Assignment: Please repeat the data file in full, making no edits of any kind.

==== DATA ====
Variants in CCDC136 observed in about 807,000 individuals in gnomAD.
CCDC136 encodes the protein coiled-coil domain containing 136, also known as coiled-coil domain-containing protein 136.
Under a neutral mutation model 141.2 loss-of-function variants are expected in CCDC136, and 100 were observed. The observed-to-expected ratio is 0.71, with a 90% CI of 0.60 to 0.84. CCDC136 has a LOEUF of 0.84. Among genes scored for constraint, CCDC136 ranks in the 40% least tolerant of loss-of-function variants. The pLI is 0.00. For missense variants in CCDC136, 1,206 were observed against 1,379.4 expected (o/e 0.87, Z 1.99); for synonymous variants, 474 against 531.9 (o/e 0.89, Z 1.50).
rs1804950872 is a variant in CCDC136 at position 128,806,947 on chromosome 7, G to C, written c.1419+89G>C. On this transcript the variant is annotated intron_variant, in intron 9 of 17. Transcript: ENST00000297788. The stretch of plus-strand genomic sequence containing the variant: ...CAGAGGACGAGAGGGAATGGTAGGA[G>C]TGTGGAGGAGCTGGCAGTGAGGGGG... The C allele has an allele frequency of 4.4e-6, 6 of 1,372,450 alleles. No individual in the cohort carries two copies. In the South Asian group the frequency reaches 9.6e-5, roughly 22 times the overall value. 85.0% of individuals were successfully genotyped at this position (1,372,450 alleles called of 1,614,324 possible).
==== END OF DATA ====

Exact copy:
Variants in CCDC136 observed in about 807,000 individuals in gnomAD.
CCDC136 encodes the protein coiled-coil domain containing 136, also known as coiled-coil domain-containing protein 136.
Under a neutral mutation model 141.2 loss-of-function variants are expected in CCDC136, and 100 were observed. The observed-to-expected ratio is 0.71, with a 90% CI of 0.60 to 0.84. CCDC136 has a LOEUF of 0.84. Among genes scored for constraint, CCDC136 ranks in the 40% least tolerant of loss-of-function variants. The pLI is 0.00. For missense variants in CCDC136, 1,206 were observed against 1,379.4 expected (o/e 0.87, Z 1.99); for synonymous variants, 474 against 531.9 (o/e 0.89, Z 1.50).
rs1804950872 is a variant in CCDC136 at position 128,806,947 on chromosome 7, G to C, written c.1419+89G>C. On this transcript the variant is annotated intron_variant, in intron 9 of 17. Transcript: ENST00000297788. The stretch of plus-strand genomic sequence containing the variant: ...CAGAGGACGAGAGGGAATGGTAGGA[G>C]TGTGGAGGAGCTGGCAGTGAGGGGG... The C allele has an allele frequency of 4.4e-6, 6 of 1,372,450 alleles. No individual in the cohort carries two copies. In the South Asian group the frequency reaches 9.6e-5, roughly 22 times the overall value. 85.0% of individuals were successfully genotyped at this position (1,372,450 alleles called of 1,614,324 possible).